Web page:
The Music School Festival Orchestra students applaud with their feet. It’s a quiet stomping that says, “Good job.” If they do a good job tonight, the audience at their first Amphitheater performance will be a bit louder in their applause — and they’ll use their hands.
Music Director Timothy Muffitt will lead the MSFO’s first Amp performance at 8:15 p.m. tonight. The performance will spotlight previous MSFO student and violinist Alexandra Switala, and the program includes three pieces: Mozart’s Symphony No. 31 “Paris”; Max Bruch’s Scottish Fantasy, featuring Switala; and Camille Saint-Saëns’ Symphony No. 3 “Organ.”
As of today, the MSFO will have had seven rehearsals, including this afternoon’s dress rehearsal.
For Muffitt, uniting an ensemble in such a short amount of time is something that lends itself to the music.
“Nothing develops an orchestra like the 18th century,” he said. “This orchestra never lets anyone down, so the challenge just becomes further and further refinement.”
Nick Buonanni, a flutist who has returned to Chautauqua for his second season, said the first concert can be challenging.
“Last year, coming in and sitting in this ensemble — it was so exciting but I was also scared because everybody was so good,” Buonanni said.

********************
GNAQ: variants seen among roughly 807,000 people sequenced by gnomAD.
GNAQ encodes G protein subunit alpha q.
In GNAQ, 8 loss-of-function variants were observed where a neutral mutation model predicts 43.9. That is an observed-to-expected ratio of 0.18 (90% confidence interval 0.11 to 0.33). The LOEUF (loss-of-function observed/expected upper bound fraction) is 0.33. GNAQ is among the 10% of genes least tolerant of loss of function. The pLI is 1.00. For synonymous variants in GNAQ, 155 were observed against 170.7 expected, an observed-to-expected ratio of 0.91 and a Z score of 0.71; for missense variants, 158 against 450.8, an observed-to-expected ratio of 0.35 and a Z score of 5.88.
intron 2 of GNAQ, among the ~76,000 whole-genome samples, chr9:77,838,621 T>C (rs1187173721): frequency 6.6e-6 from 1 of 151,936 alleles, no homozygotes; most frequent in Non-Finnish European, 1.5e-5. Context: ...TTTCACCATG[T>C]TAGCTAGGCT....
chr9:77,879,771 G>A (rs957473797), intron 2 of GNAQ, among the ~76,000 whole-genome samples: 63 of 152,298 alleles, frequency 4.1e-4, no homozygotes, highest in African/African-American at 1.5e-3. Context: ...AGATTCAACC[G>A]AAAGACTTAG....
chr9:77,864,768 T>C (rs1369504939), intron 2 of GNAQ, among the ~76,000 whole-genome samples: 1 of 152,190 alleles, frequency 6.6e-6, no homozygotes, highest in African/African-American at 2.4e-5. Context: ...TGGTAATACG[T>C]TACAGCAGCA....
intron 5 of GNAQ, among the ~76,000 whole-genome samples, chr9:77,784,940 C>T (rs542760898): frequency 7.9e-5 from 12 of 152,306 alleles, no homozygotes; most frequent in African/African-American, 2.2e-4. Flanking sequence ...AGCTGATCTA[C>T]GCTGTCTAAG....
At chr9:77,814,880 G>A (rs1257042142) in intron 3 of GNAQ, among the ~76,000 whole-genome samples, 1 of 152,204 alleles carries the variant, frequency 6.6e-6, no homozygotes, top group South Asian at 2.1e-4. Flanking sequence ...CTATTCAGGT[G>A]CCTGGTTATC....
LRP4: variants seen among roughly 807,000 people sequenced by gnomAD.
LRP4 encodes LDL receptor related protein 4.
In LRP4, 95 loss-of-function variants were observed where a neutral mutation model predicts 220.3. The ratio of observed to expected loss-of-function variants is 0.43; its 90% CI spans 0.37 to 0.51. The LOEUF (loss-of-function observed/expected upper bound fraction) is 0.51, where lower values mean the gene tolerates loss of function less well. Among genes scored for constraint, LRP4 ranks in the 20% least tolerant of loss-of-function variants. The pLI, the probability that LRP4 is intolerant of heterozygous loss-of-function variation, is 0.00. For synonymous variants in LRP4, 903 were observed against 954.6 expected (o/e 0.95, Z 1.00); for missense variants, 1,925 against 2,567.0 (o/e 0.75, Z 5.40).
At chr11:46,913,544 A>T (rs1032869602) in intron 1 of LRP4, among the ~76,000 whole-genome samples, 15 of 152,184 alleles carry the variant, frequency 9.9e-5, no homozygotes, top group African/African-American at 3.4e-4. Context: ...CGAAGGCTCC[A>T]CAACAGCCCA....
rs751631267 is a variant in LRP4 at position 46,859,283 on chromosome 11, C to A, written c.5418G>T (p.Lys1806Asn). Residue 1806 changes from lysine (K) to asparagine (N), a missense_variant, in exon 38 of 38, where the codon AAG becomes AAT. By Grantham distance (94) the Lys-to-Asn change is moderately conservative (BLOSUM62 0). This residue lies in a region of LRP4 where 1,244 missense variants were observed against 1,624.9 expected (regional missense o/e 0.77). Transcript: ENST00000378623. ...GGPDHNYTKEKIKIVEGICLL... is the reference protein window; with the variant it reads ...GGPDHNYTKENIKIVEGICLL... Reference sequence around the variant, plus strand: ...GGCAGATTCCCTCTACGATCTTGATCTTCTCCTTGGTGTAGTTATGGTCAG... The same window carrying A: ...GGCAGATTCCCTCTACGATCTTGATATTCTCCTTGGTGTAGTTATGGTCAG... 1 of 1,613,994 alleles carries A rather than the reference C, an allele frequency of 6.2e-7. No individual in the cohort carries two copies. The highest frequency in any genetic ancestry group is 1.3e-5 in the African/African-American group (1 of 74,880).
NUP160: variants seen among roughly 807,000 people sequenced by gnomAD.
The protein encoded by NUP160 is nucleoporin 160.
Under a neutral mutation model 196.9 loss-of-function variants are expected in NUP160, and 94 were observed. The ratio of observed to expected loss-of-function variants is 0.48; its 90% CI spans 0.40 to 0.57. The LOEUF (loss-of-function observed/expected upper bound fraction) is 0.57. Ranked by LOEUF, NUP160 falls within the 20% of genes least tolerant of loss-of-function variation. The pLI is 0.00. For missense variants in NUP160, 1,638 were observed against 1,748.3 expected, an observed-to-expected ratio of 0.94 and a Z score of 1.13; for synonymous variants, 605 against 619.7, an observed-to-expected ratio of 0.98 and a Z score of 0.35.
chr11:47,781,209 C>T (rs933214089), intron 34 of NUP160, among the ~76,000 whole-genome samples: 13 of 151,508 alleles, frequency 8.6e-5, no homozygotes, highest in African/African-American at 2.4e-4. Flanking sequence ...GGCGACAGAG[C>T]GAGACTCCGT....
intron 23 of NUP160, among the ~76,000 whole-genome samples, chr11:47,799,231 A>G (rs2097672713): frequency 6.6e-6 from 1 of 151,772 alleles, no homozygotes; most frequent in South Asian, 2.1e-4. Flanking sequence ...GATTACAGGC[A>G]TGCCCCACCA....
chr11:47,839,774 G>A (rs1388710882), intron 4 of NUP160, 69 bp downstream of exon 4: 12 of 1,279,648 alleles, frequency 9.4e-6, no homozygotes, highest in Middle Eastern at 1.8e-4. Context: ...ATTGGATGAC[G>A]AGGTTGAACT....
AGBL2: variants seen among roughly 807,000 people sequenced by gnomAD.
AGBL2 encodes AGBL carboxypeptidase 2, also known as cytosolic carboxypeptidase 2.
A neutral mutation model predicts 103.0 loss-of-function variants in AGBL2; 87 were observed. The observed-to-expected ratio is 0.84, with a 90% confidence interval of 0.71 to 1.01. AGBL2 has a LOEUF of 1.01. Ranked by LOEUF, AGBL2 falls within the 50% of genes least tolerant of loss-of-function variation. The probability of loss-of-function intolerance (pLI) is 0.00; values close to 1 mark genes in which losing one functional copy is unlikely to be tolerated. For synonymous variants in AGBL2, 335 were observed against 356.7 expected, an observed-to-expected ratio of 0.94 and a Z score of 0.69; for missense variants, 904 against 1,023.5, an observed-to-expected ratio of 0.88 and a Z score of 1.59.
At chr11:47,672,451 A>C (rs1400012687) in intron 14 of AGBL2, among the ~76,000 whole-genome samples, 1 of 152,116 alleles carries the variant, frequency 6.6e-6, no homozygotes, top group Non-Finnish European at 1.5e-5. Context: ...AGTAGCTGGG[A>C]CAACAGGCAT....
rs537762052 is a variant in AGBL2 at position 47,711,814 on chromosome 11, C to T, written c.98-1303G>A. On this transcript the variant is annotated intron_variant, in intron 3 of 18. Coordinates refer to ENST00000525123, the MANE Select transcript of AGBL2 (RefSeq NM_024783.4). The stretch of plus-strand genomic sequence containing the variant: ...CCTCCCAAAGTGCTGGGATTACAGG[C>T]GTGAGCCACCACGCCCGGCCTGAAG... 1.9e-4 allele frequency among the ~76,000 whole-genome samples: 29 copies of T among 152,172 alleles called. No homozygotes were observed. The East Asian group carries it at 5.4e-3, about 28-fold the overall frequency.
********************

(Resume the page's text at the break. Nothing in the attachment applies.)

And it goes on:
Buonanni, who will be beginning his doctoral studies at Michigan State in the fall, said there is an adjustment period — it takes time for the students to be able to work well as a single entity.
“The first concert is always amazing, but I feel that as the season goes on, it’s easier for us to make music together,” Buonanni said.
Switala is not the only special guest in tonight’s performance. Organist Jared Jacobsen will also play with the MSFO during the Saint-Saëns piece.
“Symphony No. 3, the ‘Organ’ symphony — we’re using the outdoor organ, and there’s parts where the organ plays alone,” Buonanni said. “It’s an exceptionally challenging piece to play because it looks nothing like it sounds.”
Muffitt said it was an honor to have Jacobsen contribute to their performance, and that the piece was definitely challenging.
“There’s a few shocking moments — it’s just really grand and glorious,” Muffitt said. “Jared is very much a part of the fabric of this Institution.”
While Muffitt said the “foot shuffle” is an orchestral tradition, he also said it was a way for students to congratulate one another and work together.
“It’s a way of showing appreciation, of support,” Muffitt said. “They would have to put their instruments down to applaud — it doesn’t disrupt the flow of rehearsal, but it allows means of expressing appreciation and support. The players are getting to know each other, almost intuitively, and developing musical tendencies to figure out how everyone fits together to deliver the highest caliber of artistic product.”